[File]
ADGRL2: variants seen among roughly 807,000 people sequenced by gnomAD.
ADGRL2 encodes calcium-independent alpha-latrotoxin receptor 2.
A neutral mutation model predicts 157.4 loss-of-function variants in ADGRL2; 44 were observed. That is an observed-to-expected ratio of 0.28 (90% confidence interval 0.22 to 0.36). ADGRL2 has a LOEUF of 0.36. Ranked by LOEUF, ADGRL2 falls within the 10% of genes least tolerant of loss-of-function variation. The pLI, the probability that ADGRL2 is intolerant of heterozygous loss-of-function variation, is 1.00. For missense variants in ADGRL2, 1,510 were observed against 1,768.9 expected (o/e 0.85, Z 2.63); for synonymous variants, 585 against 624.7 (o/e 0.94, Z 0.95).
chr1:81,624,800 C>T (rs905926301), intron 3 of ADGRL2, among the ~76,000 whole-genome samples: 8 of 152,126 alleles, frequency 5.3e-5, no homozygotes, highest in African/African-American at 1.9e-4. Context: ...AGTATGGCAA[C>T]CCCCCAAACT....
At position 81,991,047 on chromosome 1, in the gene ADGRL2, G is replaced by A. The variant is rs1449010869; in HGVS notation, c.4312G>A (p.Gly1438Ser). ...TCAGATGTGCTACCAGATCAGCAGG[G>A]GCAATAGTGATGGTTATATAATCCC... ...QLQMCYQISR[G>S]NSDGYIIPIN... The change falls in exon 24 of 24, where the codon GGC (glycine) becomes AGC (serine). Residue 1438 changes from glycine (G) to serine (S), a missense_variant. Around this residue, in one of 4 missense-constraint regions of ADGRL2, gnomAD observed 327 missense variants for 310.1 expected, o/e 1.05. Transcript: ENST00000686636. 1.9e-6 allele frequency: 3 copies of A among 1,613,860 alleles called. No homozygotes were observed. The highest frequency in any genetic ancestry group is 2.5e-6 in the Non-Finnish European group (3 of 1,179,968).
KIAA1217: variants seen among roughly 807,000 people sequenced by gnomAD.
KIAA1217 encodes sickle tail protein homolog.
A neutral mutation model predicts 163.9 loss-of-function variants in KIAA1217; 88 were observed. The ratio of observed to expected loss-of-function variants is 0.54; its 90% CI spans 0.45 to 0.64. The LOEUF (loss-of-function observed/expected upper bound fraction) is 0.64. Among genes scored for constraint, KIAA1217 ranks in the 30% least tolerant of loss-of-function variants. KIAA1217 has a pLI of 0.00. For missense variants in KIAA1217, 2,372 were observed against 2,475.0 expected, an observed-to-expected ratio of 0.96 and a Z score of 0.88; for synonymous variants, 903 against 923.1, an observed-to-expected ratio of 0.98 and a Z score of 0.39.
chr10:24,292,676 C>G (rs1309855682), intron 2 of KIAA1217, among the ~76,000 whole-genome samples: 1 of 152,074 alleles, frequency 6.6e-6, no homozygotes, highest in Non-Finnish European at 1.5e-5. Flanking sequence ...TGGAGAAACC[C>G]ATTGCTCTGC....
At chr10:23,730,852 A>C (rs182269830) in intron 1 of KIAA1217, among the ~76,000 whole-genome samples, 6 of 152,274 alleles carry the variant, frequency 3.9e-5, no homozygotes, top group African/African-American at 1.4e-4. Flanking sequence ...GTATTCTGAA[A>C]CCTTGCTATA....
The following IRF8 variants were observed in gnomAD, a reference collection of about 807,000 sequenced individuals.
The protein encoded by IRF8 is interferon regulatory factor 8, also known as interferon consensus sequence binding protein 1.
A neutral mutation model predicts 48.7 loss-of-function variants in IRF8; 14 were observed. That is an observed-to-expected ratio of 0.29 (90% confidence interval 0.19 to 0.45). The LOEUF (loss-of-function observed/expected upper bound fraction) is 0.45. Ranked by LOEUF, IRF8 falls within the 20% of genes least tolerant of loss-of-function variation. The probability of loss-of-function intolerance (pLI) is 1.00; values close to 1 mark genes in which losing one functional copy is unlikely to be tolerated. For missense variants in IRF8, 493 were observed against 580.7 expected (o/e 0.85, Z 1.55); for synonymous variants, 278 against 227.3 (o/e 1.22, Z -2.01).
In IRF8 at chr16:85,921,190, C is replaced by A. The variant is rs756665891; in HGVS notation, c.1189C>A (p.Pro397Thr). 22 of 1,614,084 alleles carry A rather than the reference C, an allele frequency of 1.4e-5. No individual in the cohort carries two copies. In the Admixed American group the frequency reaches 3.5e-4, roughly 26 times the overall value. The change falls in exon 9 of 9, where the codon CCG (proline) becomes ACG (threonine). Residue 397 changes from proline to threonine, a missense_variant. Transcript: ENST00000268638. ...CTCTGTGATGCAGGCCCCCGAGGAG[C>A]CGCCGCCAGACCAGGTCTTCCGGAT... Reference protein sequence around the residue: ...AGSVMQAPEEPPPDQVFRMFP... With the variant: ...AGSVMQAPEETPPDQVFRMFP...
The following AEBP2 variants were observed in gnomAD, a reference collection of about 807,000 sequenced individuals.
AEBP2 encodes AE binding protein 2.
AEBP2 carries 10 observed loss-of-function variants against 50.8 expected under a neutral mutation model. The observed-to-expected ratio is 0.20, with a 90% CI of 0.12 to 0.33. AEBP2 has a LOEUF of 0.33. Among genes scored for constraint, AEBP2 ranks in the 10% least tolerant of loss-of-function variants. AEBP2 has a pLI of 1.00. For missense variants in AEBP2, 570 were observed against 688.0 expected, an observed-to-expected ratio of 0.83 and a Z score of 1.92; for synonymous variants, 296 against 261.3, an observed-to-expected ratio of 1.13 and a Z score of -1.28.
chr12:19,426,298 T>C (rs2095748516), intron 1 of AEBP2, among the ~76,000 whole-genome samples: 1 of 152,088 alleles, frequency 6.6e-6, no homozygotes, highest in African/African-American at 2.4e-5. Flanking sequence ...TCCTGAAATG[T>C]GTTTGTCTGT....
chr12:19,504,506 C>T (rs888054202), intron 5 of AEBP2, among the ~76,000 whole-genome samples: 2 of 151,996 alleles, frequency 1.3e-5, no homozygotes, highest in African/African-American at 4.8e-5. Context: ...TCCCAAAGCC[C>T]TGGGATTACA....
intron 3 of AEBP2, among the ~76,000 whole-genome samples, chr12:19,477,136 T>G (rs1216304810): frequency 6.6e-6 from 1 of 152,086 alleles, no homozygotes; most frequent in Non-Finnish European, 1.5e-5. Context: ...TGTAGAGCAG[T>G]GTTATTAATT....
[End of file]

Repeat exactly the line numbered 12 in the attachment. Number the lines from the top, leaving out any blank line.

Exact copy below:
The protein encoded by IRF8 is interferon regulatory factor 8, also known as interferon consensus sequence binding protein 1.